Jim Laker was certainly the most lethal and successful English spinner to have ever played the gentleman’s game. While Laker produced many spectacular spells, he etched his name in the golden letters in the history of English cricket during the Ashes 1956. The off-spinner single-handedly routed the visiting Australian team during the fourth Test of the five-match series by picking monumental 19 wickets.
The Ashes 1956 was tied at 1-1 when England and Australia locked horns with each other in the fourth Test match at Old Trafford in Manchester. The toss went home skipper Peter May’s way and he opted to put a total on the board. The first innings saw the domination of the England batters.
The hosts entertained the cricket fraternity with their attractive stroke play and aggressive outlook towards the game. Playing 158.3 overs in the first innings, England posted a score of 459. David Sheppard top-scored for the hosts as he played a remarkable knock of 113 runs. Sheppard found a suitable ally in the form of Peter Richardson as he also smashed a century (104 runs).
What followed after the first innings, was a complete carnage of the Australian side. The spin master Jim Laker made the most out of the dry and dusty pitch of the Old Trafford. Laker caused a terrible collapse of Australia in the second innings by stopping them at a score of 84 runs.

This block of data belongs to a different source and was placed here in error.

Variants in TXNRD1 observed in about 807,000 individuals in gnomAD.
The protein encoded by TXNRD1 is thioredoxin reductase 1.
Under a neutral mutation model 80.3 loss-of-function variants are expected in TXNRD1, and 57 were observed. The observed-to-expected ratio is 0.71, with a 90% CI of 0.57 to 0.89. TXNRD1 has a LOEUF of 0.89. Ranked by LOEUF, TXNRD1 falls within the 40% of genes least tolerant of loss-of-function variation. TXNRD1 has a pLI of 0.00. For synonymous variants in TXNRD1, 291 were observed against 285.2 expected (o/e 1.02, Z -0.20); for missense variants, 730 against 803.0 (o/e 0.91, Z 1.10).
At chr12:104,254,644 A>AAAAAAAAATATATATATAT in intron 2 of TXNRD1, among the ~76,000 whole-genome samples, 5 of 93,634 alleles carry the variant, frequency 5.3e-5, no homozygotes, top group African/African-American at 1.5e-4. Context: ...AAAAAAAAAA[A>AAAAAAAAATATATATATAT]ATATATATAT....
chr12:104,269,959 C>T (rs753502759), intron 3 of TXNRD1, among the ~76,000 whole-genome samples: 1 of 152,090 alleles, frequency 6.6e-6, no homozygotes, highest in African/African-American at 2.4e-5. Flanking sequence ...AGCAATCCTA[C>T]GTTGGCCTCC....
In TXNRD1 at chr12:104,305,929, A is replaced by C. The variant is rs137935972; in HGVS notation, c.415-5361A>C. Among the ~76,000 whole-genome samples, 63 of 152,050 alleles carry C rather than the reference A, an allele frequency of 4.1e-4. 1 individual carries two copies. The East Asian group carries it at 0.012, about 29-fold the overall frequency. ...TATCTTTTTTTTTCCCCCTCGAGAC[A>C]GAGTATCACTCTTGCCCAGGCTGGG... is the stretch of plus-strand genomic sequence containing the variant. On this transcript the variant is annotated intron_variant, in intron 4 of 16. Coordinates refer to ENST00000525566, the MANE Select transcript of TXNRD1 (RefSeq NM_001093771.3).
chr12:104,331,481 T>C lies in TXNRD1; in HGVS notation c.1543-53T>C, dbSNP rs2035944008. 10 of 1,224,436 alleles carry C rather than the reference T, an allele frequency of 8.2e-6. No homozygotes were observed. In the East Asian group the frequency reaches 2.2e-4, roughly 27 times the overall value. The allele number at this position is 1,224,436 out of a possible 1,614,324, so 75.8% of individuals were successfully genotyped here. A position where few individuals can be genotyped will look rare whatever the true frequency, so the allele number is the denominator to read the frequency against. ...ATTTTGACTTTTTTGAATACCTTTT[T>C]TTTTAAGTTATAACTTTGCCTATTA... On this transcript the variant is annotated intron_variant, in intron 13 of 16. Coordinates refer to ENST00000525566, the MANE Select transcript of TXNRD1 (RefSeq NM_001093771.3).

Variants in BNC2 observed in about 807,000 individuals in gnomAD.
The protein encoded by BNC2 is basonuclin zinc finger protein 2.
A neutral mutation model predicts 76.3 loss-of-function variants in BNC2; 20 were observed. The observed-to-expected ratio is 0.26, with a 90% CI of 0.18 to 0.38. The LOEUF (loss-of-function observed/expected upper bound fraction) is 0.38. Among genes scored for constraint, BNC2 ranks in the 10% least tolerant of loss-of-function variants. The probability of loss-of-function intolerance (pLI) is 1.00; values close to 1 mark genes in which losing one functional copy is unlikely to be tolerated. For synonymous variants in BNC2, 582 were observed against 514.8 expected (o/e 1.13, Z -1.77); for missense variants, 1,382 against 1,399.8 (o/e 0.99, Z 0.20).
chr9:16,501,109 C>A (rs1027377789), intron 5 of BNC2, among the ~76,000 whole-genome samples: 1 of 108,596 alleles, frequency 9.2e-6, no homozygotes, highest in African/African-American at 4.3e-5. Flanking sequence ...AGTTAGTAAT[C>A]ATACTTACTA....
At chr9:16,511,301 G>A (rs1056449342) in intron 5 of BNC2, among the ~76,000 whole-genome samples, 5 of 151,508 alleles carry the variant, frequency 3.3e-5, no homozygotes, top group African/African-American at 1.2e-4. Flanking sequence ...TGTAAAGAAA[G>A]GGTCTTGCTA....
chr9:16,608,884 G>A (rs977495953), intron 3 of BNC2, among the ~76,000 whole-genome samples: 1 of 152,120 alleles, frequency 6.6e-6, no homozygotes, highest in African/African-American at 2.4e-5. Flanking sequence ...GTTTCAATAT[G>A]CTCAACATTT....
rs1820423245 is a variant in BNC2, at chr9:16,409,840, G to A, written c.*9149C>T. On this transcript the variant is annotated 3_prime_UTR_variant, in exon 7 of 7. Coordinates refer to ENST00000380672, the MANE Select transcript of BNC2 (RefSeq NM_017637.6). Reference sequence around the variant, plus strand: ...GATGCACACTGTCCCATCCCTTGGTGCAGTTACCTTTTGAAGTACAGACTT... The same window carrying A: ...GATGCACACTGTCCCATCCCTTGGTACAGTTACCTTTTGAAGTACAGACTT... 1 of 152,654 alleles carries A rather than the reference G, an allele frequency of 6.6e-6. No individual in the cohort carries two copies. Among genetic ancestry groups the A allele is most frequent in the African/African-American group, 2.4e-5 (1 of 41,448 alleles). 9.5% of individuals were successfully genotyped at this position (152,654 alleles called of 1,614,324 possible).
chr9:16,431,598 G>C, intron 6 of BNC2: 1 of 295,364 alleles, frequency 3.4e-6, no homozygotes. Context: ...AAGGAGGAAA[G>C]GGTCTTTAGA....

The off-spinner took as many as nine wickets. The only wicket that wasn’t picked by Laker in the second innings was off Jim Burke who was dismissed by Tony Lock. Asked to follow on, Australia failed to show any improvement in their last batting innings too.
Laker again delivered a stellar performance as he didn’t give any time to the opposition batters to settle in the middle. This time around, the off-spinner picked all the ten wickets and bowled out Australia for 205. Laker’s 19th wicket of the match came on the final day i.e July 31, 1956, when he wrapped up the wicketkeeper Len Maddocks on the pads. The exploits by the spinner steered England to a victory by an innings and 170 runs.
The Frizinghall-born’s mind-boggling spell of 19 wickets in the Test match at Old Trafford is still considered as one of the greatest, if not the greatest, spells by a spinner in the longest format of the game.